Flying Helicopter Simulator (ACT/FHS) with fly-by-light and fly-by-wire control systems
Thanks to its optical and electronic control system, the FHS can simulate the flight behaviour of other helicopters.
DLR (CC-BY 3.0).
ACT/FHS Flying Helicopter Simulator
The ACT/FHS 'Flying Helicopter Simulator' of the German Aerospace Center (Deutsches Zentrum für Luft- und Raumfahrt; DLR) at a flight in 2009.
FHS before Take-Off
The ACT/FHS 'Flying Helicopter Simulator' of the German Aerospace Center (Deutsches Zentrum für Luft- und Raumfahrt; DLR) is based on a standard Eurocopter EC 135 type helicopter, which has been extensively modified for use as a research and test aircraft.
In the cockpit
Ian Phillis from the Empire Test Pilot School (left) and Waldemar Krebs from DLR, ready for flight.
Modular experimental system inside the DLR FHS research helicopter
FHS (Flying Helicopter Simulator) is equipped with a modular experimental system. Such as the on-board computer, the system also includes extensive sensor equipment.
Cockpit of the EC 135 ACT/FHS flying helicopter simulator
The cockpit has been modified for the crew stations of a safety pilot (left) and a test pilot (right). The mechanical steering system has been replaced by an electrical and optical (fly-by-wire/fly-by-light) primary flight control system that meets the highest safety requirements. In addition, a mechanical emergency control system is still available.
The ACT/FHS 'Flying Helicopter Simulator' of the German Aerospace Center (Deutsches Zentrum für Luft- und Raumfahrt; DLR) is based on a standard Eurocopter EC 135 type helicopter, which has been extensively modified for use as a research and test aircraft. The mechanical controls, for example, have been replaced by a fly-by-wire/fly-by-light (FBW/FBL) flight control system. Now the control commands are transferred by electric cables and fibre optic cables instead of control rods.
The application portfolio of the FHS covers pilot training, trials of new open and closed-loop control systems, up to simulation of the flight characteristics of other helicopters under real environmental conditions. The FHS is equipped with two engines, a bearingless main rotor and a Fenestron tail rotor as standard; its key features are notably quiet operation and high manoeuvrability and safety.
The fly-by-light control system is a groundbreaking new system where, in contrast with fly-by-wire, the control signals between the controls, the flight management computer and the actuators for rotor blade control are transferred optically via fibre optic cables instead of electrically.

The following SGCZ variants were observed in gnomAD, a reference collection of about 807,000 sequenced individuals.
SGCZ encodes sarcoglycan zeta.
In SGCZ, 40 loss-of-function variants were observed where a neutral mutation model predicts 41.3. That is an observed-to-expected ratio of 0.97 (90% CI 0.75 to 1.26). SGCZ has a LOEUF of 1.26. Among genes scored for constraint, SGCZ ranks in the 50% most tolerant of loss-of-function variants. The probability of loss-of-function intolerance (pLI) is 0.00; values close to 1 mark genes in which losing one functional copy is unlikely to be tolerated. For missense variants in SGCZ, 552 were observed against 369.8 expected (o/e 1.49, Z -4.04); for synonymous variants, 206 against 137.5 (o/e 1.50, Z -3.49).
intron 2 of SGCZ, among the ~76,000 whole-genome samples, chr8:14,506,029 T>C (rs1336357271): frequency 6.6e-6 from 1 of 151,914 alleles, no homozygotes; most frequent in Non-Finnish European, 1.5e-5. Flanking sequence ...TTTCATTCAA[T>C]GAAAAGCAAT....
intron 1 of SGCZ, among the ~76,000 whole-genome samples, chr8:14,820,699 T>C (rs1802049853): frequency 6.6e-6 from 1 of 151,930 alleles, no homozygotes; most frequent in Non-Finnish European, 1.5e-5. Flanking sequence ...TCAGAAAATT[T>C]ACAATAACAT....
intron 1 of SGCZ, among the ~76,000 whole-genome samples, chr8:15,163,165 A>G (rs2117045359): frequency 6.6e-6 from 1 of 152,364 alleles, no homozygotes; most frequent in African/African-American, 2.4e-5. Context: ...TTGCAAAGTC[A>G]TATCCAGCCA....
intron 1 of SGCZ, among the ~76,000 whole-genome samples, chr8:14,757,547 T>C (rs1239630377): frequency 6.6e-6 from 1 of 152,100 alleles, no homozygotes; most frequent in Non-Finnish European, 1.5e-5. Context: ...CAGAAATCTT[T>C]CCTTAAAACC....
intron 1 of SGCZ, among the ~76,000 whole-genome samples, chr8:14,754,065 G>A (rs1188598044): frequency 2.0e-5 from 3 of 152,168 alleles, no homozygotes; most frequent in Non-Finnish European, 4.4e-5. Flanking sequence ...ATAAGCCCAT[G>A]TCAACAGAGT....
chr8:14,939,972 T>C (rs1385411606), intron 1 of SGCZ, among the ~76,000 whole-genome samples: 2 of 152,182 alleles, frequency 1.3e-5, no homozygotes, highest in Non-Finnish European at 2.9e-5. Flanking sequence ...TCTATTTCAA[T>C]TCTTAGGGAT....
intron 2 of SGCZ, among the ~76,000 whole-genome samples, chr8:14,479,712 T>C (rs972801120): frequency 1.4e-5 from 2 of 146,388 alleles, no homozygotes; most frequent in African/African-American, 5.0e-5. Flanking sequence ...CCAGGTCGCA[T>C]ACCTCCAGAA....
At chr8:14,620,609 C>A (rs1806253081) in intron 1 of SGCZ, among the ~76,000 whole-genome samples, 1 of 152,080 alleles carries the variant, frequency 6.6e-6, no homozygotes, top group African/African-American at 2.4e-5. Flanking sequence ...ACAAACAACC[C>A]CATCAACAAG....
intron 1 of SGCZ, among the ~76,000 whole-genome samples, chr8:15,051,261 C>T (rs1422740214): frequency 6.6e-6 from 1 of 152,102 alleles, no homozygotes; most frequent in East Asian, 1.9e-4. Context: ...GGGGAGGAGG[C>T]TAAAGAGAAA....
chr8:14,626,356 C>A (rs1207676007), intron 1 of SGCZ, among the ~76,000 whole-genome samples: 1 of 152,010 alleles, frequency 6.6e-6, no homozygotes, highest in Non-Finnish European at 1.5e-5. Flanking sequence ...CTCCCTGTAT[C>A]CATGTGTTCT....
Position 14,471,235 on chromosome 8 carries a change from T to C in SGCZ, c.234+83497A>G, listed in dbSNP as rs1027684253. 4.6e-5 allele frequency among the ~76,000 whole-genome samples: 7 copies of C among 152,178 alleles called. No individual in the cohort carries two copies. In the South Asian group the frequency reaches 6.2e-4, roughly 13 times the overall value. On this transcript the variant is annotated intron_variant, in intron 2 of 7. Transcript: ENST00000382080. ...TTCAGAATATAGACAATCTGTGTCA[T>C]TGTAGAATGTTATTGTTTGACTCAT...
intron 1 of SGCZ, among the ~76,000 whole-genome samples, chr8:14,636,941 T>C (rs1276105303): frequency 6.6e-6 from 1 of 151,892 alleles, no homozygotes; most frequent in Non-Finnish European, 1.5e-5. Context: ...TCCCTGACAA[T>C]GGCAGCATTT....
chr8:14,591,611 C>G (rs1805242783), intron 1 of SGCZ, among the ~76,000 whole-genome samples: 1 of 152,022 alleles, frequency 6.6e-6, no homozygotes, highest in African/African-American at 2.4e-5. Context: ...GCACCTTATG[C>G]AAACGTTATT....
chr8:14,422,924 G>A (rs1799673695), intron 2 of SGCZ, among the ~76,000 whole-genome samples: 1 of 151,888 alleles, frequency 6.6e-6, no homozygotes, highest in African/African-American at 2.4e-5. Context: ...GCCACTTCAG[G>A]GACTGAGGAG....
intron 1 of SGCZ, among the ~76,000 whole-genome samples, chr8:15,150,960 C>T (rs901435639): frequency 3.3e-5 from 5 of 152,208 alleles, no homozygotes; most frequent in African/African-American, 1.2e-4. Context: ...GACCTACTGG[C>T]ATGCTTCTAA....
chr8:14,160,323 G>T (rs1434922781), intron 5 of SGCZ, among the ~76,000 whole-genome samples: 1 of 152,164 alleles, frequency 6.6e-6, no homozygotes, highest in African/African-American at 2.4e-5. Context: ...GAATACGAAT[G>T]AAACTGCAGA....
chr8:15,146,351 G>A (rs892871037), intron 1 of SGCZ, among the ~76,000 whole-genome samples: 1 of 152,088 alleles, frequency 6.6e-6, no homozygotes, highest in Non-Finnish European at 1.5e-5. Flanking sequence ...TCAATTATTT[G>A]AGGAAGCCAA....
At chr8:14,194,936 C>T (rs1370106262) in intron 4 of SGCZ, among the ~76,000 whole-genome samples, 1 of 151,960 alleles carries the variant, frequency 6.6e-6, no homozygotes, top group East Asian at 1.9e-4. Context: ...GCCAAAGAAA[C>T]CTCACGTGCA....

The advantages compared with electrical data transfer are the high transmission bandwidth, high reliability and low weight. The fly-by-light flight control system consists of a quadruple redundant computer and is designed such that the stringent safety criteria of the European aviation authorities are met in full.
FHS is the first helicopter in the world with this flight control system. The cockpit layout provides seats for a safety pilot, the test pilot and the flight test engineer. A comprehensive equipment line-up with sensors and systems for onboard data recording and processing is used to record the data from the flight tests. This data is available to users and engineers for analysis both on board and - via telemetry - on the ground.
The following modifications differentiate FHS from the standard Eurocopter EC 135 helicopter:
Conversion of the ACT/FHS was planned and implemented with the close cooperation of Eurocopter Deutschland (ECD), Liebherr Aerospace Lindenberg (LLI), the German Federal Office of Defense Technology and Procurement (Bundesamt für Wehrtechnik und Beschaffung; BWB) and DLR.
Missions - research focus
The powerful ACT/FHS helicopter is used for the following research trials and applications:
Development of flight control software that significantly reduces the pilot's workload in difficult flying situations and, at the same time, maintains intuitive control of the helicopter. In particular, the focus is on flight, take-off and landing under adverse conditions, such as launch and landing sites with obstructions and restricted visibility. The test pilot controls the helicopter via the DLR-developed experimental system, while the safety pilot oversees the manoeuvres.
The experimental system is a modular, multi-purpose system, whose safety concept is structured so that new, even not fully tested, technologies can be checked and evaluated, before their development is completed.
Other fields of application are:
Eurocopter EC 135 ACT/FHS
Last modified:21/04/2011 12:08:23